The following piece was published in the April 1973 issue of Freedom First. The author, M R Masani was one of India’s most prominent liberals—he was a part of the Constituent Assembly that drafted the constitution and was closely associated with the Swatantra Party. In this piece, Masani talks about what liberalism means, and how the word had come to lose its true significance and meaning over time.
When I attended the Conference of the Liberal International in Italy at the end of 1959, the Liberal leaders who were present from various countries of Europe told me that they found the principles of the newly established Swatantra Party to be ‘the milk of pure Liberalism.’ In India, however, most scribes and a great part of the so-called intelligentsia have throughout the last decade looked upon the Swatantra Party as conservative, if not reactionary. What is the source of their confusion?
This phenomenon and the confusion are not unique to India. The fashion comes, as most of our fashions do, from the United States of America where socialists and communist fellow travellers have pre-empted the word ‘Liberal’ to refer to policies and operations which are anti-liberal in the extreme.
The New York Times, Prof. Galbraith and Senator McGovern are well known examples of this bogus “liberalism” which has resulted in genuine liberals like Prof. Milton Friedman and Prof. Sidney Hook being known as conservatives.
It would appear that this semantic confusion is now threatening to cross the Atlantic, or so it would seem from the letter written by Prof. P. T. Bauer of London University to the Daily Telegraph on 5th February, 1973.
Seeking to draw attention to the perversion of the term “Liberal” which had now spread to the pages of the Daily Telegraph, Prof. Bauer wrote:
“The term is used to describe advocates of freedom, a condition which according to the Oxford Dictionary denotes being free and having the right or power to do as one pleases, which of course has always been circumscribed by the obligation not to infringe on other people’s liberty. In recent years and decades the term liberal has gradually come to mean its exact opposite.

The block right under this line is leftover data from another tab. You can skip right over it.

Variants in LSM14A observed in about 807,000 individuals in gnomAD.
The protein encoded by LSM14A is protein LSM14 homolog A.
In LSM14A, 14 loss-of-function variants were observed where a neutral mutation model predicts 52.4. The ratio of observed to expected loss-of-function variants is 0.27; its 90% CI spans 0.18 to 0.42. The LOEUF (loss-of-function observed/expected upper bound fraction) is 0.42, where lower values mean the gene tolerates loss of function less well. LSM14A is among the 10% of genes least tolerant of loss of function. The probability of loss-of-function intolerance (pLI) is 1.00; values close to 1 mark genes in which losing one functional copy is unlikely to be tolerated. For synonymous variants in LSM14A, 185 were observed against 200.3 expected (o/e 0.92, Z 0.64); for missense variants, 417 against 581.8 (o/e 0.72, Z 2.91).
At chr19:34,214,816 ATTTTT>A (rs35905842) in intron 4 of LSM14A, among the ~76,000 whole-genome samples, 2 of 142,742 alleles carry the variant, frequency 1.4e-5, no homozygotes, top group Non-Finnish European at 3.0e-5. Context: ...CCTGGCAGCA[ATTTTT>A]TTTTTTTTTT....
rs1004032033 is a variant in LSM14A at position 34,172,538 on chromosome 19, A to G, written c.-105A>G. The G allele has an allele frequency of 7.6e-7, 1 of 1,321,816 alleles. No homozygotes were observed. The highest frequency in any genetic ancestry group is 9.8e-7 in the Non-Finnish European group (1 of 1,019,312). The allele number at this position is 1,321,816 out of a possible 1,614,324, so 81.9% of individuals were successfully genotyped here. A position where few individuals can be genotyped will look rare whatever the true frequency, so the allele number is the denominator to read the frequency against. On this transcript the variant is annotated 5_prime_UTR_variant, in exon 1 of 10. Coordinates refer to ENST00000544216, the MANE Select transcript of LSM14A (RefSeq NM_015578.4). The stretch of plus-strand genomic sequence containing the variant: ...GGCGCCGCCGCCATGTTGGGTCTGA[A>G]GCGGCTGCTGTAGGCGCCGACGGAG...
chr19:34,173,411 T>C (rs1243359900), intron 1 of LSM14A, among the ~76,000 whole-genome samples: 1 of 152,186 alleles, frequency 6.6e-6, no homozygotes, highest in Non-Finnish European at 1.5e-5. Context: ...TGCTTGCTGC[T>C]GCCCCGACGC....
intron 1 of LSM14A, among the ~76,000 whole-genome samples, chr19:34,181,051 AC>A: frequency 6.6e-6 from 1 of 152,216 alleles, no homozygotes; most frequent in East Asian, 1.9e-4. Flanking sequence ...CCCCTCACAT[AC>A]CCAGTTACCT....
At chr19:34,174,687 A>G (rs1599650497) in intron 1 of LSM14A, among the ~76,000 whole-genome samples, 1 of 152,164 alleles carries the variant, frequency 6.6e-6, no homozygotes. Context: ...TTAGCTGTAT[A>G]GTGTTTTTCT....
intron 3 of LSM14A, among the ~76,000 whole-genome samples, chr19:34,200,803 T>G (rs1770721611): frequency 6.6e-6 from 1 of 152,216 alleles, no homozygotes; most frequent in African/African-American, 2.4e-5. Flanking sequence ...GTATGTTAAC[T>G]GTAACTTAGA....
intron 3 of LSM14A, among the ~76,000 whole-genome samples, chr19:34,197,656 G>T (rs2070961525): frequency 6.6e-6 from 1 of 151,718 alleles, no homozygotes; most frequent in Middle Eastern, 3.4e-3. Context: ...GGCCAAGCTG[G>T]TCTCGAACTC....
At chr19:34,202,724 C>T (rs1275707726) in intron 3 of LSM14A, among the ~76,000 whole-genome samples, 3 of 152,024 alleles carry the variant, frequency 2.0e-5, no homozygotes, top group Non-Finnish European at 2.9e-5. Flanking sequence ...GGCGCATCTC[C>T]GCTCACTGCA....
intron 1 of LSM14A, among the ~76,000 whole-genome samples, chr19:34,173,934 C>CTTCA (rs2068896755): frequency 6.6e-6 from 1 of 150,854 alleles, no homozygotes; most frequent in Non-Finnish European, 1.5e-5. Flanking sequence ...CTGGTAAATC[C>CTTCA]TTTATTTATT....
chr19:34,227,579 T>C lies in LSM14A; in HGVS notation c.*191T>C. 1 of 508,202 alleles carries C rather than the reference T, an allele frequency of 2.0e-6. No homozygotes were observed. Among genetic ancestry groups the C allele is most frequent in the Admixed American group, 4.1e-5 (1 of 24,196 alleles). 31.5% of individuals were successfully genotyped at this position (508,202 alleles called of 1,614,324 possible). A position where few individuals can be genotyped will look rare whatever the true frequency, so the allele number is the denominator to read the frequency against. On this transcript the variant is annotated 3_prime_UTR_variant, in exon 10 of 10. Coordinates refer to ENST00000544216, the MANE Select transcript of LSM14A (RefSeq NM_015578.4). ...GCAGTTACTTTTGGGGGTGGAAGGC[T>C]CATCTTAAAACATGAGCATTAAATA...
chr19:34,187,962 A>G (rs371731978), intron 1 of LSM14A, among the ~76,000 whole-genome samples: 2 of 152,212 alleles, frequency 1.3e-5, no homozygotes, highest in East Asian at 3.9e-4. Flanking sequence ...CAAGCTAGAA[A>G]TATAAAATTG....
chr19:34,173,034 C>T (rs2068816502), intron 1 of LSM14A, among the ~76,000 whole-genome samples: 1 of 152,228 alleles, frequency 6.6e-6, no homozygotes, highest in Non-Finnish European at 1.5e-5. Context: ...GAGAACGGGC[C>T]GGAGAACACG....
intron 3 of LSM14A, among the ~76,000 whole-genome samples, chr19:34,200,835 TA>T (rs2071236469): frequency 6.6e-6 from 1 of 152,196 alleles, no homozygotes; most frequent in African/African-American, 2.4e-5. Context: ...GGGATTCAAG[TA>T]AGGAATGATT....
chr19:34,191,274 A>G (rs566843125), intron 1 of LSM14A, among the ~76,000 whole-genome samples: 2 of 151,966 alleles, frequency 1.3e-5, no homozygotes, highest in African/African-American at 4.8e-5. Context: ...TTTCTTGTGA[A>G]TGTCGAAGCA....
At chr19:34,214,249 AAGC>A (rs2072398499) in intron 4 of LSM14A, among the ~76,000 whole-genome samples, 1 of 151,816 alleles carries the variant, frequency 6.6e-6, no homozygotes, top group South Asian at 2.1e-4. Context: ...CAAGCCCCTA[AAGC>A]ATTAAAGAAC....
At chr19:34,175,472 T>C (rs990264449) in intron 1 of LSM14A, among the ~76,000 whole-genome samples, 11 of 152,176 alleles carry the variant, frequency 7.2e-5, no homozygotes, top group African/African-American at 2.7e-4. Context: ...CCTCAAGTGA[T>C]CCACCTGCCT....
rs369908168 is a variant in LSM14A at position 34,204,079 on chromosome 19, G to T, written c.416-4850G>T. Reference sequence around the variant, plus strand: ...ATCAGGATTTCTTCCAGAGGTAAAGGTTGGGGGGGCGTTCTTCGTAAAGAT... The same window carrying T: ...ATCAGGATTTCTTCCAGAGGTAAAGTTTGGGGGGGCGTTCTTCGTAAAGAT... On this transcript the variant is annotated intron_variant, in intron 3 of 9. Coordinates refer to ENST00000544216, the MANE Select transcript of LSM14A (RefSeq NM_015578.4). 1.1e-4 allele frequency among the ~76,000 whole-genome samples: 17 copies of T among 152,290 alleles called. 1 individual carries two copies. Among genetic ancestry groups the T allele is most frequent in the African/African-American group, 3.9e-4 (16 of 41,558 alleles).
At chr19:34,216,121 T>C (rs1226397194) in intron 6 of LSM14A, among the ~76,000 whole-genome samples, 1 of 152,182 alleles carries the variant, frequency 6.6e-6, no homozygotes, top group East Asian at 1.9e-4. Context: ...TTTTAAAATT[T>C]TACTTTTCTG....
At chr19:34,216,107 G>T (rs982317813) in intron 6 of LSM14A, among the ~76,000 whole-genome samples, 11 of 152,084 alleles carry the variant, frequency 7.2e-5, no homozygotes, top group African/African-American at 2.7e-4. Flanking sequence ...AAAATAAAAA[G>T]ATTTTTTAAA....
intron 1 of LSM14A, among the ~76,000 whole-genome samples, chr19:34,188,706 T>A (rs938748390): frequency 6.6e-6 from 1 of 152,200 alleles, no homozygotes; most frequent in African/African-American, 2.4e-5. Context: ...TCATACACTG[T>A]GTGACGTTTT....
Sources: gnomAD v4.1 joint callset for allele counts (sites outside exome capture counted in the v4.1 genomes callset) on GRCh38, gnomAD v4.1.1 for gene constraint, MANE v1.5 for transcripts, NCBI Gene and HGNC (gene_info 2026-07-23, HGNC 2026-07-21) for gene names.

“‘For some time now in America liberal has come to refer to Socialists or even Communists, that is advocates of close and extensive State control of social and economic life.
“I have heard an American woman describe an uncompromising supporter of Stalin’s regime as an extreme liberal. I have heard people talk of Marxist liberals–rather like talking of boiling ice-cream.”
Prof. Bauer concluded his letter by saying:
“Such corruption of the language makes reasonable discussion impossible. It is ultimately destructive of civilised society.”
A few days later, Prof. Bauer was supported in his plea by Mr. Vernon Dawson, Secretary-General of the Liberal International.
The Daily Telegraph made amends in the form of an editorial article entitled Who Are Liberals?, in the course of which it wrote:
“Liberalism, as Prof. Bauer reminded us on this page, is about liberty. Historically, it was the doctrine of those who, for moral as well as economic reasons, were against the sterile autocracies of l8th-century Europe. It was, and is, not a simple matter. Both Continental rationalism and English empiricism have contributed to it. But what genuine liberals, in all societies have always had in common is a concern for the freedom of the individual, the rule of law, and the limitation of government, both in its power and in its scope. As such liberalism must be regarded as a political doctrine quite different in character from conservatism, which is about social order, and socialism, which is about social equality. How is it, then, that this old and honourable word is now commonly used to denote those whose political views are the exact opposite of traditional liberalism? How is it that those who favour State intervention in the economy are called ‘liberal’, and those who have a genuinely liberal dislike of such things are called ‘conservative’ or ‘right-wing?'”
“Is this question of anything more than academic interest? Not if we think words do not matter. But if we think that political debate loses much of its point if words are used in a slipshod and inaccurate fashion the misuse of the ‘liberal’ is a tendency that we ought to resist.”
All this will, of course, leave the crypto-communists in Delhi and their apologists in the press unmoved. They can be counted on to go on with their practise of ‘double think’ and ‘double talk’ à la George Orwell, describing progress as reaction and autocracy as progress.
The controversy in the Daily Telegraph serves, however, to strengthen and vindicate the faith of genuine liberals in India, such as members of the Indian Liberal Group affiliated to the Liberal International, and others, that theirs is the true Liberalism based on the authentic Liberal Tradition.
The opinions expressed in this essay are those of the authors. They do not purport to reflect the opinions or views of CCS.